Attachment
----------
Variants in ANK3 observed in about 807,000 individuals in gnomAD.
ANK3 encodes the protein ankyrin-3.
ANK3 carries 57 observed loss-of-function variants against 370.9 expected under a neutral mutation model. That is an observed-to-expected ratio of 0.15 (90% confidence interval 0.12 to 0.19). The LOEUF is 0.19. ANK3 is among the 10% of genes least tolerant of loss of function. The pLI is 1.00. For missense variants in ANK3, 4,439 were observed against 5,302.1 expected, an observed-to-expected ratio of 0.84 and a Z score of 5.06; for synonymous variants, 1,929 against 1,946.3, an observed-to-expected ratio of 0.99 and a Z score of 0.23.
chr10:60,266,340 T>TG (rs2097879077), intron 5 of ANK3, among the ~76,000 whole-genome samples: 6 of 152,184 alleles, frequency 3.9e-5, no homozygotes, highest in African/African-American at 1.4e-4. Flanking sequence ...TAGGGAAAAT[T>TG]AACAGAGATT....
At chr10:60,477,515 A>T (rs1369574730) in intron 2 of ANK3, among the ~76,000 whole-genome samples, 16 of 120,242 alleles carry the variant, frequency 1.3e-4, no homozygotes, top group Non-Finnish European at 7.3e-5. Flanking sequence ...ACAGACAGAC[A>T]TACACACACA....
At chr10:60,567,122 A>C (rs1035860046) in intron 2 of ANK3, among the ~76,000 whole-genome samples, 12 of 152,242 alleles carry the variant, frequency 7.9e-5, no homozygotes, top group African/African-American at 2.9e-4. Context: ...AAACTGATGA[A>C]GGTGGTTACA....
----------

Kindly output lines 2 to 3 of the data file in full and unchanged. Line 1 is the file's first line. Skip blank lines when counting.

ANK3 encodes the protein ankyrin-3.
ANK3 carries 57 observed loss-of-function variants against 370.9 expected under a neutral mutation model. That is an observed-to-expected ratio of 0.15 (90% confidence interval 0.12 to 0.19). The LOEUF is 0.19. ANK3 is among the 10% of genes least tolerant of loss of function. The pLI is 1.00. For missense variants in ANK3, 4,439 were observed against 5,302.1 expected, an observed-to-expected ratio of 0.84 and a Z score of 5.06; for synonymous variants, 1,929 against 1,946.3, an observed-to-expected ratio of 0.99 and a Z score of 0.23.